However, Alicia Chalabe, one of the lawyers for the indigenous communities, told the court that several firms are posting on their websites that they are already operating in the area, with prospecting licences from the province.
She also stated that she never received a written answer from the provincial court that handles mining matters to her request for information in this regard. She was only given a verbal reply that no licence had been issued.
"We are demanding a consultation procedure that is not carried out by the companies, as has happened so far, but by the state. And the communities must give their consent," Chalabe told IPS after the Supreme Court hearing.
During her arguments, the judges interrupted Chalabe to ask her for a concrete definition of the communities' demands, since according to the provincial government, no company has yet been licensed to explore for lithium.
"Do you maintain that the state should ask for permission from native people, and that they have the right to refuse authorisation? Or are you asking for participation, while letting the state decide?" the president of the Supreme Court, Ricardo Lorenzetti, asked.
Chalabe replied, "We maintain that without the consent of the 33 communities, their collectively used land cannot be used for exploration or exploitation," whether or not other communities have given consent.
Liborio Flores spoke on behalf of the plaintiffs. "We are descended from native people and thanks to our cultural identity it is easier for us to live in a dry, remote region, without adequate services or communications," he said.
Flores told four Supreme Court judges that the communities in Salinas Grandes keep llamas and sheep, make handicrafts, and store water in the hills and valleys of upland areas for irrigating the vegetables they grow for their own consumption.
But the main traditional economic activity is salt mining. "Our grandparents used to cut blocks of salt, load them on donkeys and travel for 30 days to trade them," Flores said.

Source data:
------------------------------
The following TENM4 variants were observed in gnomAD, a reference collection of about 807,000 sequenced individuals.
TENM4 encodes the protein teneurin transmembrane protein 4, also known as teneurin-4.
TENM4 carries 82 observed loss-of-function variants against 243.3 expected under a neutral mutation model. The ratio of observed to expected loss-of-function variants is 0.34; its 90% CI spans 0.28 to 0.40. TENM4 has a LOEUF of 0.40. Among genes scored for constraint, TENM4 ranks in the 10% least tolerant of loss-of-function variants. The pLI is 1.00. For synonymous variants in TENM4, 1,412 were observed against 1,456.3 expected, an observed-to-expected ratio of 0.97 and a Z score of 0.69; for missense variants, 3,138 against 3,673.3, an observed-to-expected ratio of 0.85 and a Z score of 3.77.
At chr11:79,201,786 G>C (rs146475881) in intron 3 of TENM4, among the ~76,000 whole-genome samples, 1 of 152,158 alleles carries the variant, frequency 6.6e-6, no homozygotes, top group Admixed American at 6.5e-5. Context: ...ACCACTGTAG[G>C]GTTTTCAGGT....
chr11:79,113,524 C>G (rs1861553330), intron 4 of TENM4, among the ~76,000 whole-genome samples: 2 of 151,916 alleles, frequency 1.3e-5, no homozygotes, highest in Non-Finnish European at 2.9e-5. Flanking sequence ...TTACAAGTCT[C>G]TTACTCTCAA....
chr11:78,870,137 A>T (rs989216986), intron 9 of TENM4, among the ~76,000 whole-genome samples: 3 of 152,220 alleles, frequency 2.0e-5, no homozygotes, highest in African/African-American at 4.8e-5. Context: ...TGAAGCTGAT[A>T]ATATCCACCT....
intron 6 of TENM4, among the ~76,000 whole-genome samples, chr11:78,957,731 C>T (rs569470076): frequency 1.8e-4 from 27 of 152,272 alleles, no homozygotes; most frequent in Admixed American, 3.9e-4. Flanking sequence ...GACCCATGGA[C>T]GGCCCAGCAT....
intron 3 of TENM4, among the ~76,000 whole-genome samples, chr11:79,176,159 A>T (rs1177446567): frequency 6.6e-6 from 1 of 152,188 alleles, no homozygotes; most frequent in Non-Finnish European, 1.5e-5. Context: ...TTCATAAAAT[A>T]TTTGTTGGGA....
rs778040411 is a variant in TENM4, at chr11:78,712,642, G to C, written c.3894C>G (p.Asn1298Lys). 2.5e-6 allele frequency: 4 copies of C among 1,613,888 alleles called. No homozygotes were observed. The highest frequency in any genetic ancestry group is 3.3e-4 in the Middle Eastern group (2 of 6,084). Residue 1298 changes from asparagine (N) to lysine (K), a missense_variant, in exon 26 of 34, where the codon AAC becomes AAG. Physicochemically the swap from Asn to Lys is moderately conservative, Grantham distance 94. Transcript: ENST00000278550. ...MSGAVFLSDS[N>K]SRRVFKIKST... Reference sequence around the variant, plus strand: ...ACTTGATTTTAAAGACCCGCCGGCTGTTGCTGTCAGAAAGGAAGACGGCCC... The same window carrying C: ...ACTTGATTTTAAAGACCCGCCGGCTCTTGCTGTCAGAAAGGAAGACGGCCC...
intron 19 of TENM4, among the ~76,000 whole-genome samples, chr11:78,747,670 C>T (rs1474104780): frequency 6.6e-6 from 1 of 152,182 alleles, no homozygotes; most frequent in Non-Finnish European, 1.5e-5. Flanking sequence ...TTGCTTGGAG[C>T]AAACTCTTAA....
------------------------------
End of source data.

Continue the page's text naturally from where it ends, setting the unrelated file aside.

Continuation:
With global demand for lithium soaring, mining companies began to come to the salt flats, he said. They dig holes, sully the salt flats, build embankments, and contaminate the freshwater aquifers with salt.
"They never consulted us about the projects that were being planned. Some companies explained the plans to a few families, offering them work, and that caused divisions in our community," Flores complained.
The indigenous leader said the native communities want to preserve their cultural identity, but to do so they need to keep their territory. After he spoke in the hearing, he told IPS he was pleased to have been heard by the court.
"It was an opportunity to say what we feel about our situation," he said. "The Jujuy government says it has not granted any licences, but it has received applications, and if it is delaying authorisation, that is because we have organised ourselves."
Chalabe said she did not know why the Supreme Court had not summoned the provincial government of Salta, which is also being sued, and is implicated to a greater extent because it has allegedly issued exploration licences in areas inhabited by native communities.
In these areas, according to Chalabe, at least 47 perforations for lithium and borate have been drilled by the Orocobre company, and according to a study commissioned by indigenous organisations, the areas are already being contaminated.
The study, titled "Consideraciones ambientales en relación con la construcción de pozos de prospección minera y/o hidrogeológica en las Salinas Grandes" (Environmental aspects of drilling wells for mining or hydrogeology prospecting in Salinas Grandes) says the perforations "are causing impacts and endangering the surface salt water and aquifers."
This study was cited by the United Nations Special Rapporteur on the rights of indigenous peoples, James Anaya, in his December 2011 report sent to the Argentine Supreme Court in support of the suit by the 33 indigenous communities, after he had personally visited Salinas Grandes.
Kores-Posco consortium signs agreement with Comibol for lithium cathode project - Bolivia
Business News Americas
29 March 2012